To recommend a beach advisory, our Environmental Health Officers will contact the local governments or agency providing oversight of the beach so that a warning sign can be posted to advise the public that the water may be unsafe for swimming. Public beaches are not technically “closed” to public access when an advisory is in place.
Under the BC Pool Regulation, any person constructing a pool (Public, Commercial, Hot tub, Wading, or Spray) must first apply for and receive a construction permit. To apply for a construction permit, an application accompanied by the plans and specifications, sealed and certified by an engineer or architect, must be submitted to the local health protection office.
Submission must include:
In order to open a pool to the public, an operating permit must be issued by an Environmental Health Officer. To apply for an operating permit, an Application for a Recreational Water Facility form must be completed and submitted to the local health protection office.
The Environmental Health Officer will conduct an initial inspection and, if satisfied that the operation of the pool will not likely constitute a health hazard, issue an operating permit.
Please keep in mind that a permit to operate is not transferable. If you are the new owner or operator of a pool, you must apply for a new permit and must not operate the pool until a permit has been issued to you.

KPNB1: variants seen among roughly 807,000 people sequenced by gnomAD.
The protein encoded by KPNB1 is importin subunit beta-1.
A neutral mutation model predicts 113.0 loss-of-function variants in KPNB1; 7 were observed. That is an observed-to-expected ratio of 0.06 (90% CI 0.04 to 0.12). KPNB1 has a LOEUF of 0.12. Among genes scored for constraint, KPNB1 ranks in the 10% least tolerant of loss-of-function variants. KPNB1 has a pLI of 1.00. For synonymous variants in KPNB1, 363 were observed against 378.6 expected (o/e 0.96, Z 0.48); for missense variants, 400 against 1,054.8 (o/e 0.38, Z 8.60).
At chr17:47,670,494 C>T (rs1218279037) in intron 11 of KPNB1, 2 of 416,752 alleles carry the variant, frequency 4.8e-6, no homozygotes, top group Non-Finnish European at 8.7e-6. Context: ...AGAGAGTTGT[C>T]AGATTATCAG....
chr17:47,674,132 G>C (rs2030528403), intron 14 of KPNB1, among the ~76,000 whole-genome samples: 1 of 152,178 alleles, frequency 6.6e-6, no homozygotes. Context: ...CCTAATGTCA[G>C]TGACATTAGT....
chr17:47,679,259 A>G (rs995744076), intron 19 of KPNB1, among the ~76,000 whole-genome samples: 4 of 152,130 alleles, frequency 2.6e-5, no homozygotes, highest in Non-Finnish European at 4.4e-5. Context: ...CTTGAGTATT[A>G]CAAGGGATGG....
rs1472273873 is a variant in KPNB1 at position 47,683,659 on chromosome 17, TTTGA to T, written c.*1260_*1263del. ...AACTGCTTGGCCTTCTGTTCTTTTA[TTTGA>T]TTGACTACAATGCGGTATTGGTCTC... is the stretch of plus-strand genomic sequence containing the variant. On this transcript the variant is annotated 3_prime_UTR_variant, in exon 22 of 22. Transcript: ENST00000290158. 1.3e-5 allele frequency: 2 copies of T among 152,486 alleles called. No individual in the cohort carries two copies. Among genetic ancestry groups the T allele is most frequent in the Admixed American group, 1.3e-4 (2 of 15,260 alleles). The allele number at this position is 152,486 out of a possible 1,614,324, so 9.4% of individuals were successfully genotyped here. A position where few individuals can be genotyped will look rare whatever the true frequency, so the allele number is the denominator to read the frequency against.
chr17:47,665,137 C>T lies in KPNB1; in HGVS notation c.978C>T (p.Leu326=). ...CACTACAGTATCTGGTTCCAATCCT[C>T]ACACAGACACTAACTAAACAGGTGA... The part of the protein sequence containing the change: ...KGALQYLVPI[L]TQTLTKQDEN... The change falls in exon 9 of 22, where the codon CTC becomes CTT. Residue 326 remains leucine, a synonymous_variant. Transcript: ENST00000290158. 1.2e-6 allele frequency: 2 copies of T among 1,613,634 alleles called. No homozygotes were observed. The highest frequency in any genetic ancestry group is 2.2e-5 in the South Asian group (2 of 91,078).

Environmental Health Officers (EHOs) inspect public and commercial pools, hot tubs, spray pools and wading pools (referred to collectively as ‘pools’) to assess compliance with the Public Health Act Pool Regulation. The regulation requires operators to maintain a safe and sanitary environment in and around the pool and throughout the surrounding facilities to protect public health and prevent injury.
The Hazard Rating typically represents the relative level or degree of hazard associated with a pool, as determined by an EHO after conducting an inspection. An EHO may alter the Hazard Rating based on a poor compliance history or other risk factor associated with the pool or with the operator.
In general, the Hazard Rating describes the condition of a pool at the time of inspection as follows:
No critical violations were found and there is a low probability of risk to pool patrons. The operator demonstrates an understanding of any identified or potential hazard as well as a willingness to comply fully with the legislation.
One or more critical violations or a combination of non-critical violations were observed that may put pool patrons at risk of injury or disease. The operator demonstrates an understanding of the identified hazards and shows a willingness to make any necessary improvements that will bring the facility into compliance.
The EHO observed critical violations, or a combination of critical and non-critical violations, which put pool patrons at significant risk of injury or disease. Further, the operator may not demonstrate an understanding of identified hazards, and there may or may not be a willingness to comply. The file may demonstrate a pattern of historical non-compliance, complaints or illness/injury investigations implicating the facility.
Whenever a moderate or high hazard rating is assigned, the EHO will direct the pool operator to control the associated risk to pool patrons in a timely manner. If necessary, the EHO will close the pool until it can be used safely. Long term improvements must be implemented to facilitate ongoing compliance with the legislation and with industry expectations regarding safe pool water disinfection and treatment, injury prevention and sanitation practises.